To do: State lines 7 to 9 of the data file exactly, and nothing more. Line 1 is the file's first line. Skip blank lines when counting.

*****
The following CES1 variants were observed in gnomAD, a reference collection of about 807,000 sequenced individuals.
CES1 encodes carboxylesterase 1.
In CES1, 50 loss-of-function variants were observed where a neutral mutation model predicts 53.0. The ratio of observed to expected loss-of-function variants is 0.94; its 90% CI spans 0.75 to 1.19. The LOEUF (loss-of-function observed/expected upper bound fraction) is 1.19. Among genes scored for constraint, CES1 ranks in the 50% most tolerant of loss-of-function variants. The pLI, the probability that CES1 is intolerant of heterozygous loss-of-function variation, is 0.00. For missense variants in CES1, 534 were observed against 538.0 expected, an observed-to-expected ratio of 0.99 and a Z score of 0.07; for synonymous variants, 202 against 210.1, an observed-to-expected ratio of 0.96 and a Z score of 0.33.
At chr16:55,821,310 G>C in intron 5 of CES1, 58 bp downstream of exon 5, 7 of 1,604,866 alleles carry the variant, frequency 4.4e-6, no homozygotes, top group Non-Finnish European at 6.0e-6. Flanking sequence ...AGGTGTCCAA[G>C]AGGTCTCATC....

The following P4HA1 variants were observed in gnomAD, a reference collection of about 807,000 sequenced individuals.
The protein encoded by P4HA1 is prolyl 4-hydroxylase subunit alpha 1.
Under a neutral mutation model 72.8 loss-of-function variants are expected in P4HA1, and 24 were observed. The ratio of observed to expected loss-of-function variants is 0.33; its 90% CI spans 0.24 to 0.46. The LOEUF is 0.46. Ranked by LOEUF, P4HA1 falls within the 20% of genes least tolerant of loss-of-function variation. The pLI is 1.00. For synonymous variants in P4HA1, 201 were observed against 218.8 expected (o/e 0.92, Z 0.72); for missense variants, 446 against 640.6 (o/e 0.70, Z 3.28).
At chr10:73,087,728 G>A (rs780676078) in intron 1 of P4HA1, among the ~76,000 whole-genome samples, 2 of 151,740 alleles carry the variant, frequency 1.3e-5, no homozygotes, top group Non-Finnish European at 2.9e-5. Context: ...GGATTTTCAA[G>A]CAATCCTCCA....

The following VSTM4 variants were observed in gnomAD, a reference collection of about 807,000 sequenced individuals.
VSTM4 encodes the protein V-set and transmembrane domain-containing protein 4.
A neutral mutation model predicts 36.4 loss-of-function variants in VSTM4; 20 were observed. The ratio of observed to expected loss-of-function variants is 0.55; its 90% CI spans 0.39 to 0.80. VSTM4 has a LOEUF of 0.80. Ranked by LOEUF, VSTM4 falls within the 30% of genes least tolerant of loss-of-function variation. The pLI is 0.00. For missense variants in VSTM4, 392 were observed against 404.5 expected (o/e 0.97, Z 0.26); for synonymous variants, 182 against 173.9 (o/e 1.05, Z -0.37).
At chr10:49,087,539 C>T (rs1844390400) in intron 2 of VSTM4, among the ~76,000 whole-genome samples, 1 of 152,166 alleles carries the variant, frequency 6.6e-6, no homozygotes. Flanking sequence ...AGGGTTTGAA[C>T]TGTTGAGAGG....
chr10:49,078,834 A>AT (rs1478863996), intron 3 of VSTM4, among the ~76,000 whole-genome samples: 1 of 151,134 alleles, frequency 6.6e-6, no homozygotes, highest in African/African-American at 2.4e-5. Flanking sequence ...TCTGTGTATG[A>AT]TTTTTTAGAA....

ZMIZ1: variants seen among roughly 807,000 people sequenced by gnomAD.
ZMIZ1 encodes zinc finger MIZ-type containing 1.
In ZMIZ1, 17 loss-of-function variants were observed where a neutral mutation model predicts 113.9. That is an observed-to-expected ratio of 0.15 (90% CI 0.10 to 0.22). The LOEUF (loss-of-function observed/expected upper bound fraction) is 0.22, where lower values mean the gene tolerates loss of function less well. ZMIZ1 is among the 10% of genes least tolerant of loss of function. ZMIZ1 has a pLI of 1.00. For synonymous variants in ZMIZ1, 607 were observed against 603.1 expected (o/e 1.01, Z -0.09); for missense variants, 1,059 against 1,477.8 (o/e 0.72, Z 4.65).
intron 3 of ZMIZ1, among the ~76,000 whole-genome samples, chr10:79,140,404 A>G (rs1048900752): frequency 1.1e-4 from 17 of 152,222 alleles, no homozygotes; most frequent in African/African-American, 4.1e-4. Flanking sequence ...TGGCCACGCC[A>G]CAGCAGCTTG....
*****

Under a neutral mutation model 72.8 loss-of-function variants are expected in P4HA1, and 24 were observed. The ratio of observed to expected loss-of-function variants is 0.33; its 90% CI spans 0.24 to 0.46. The LOEUF is 0.46. Ranked by LOEUF, P4HA1 falls within the 20% of genes least tolerant of loss-of-function variation. The pLI is 1.00. For synonymous variants in P4HA1, 201 were observed against 218.8 expected (o/e 0.92, Z 0.72); for missense variants, 446 against 640.6 (o/e 0.70, Z 3.28).
At chr10:73,087,728 G>A (rs780676078) in intron 1 of P4HA1, among the ~76,000 whole-genome samples, 2 of 151,740 alleles carry the variant, frequency 1.3e-5, no homozygotes, top group Non-Finnish European at 2.9e-5. Context: ...GGATTTTCAA[G>A]CAATCCTCCA....

The following VSTM4 variants were observed in gnomAD, a reference collection of about 807,000 sequenced individuals.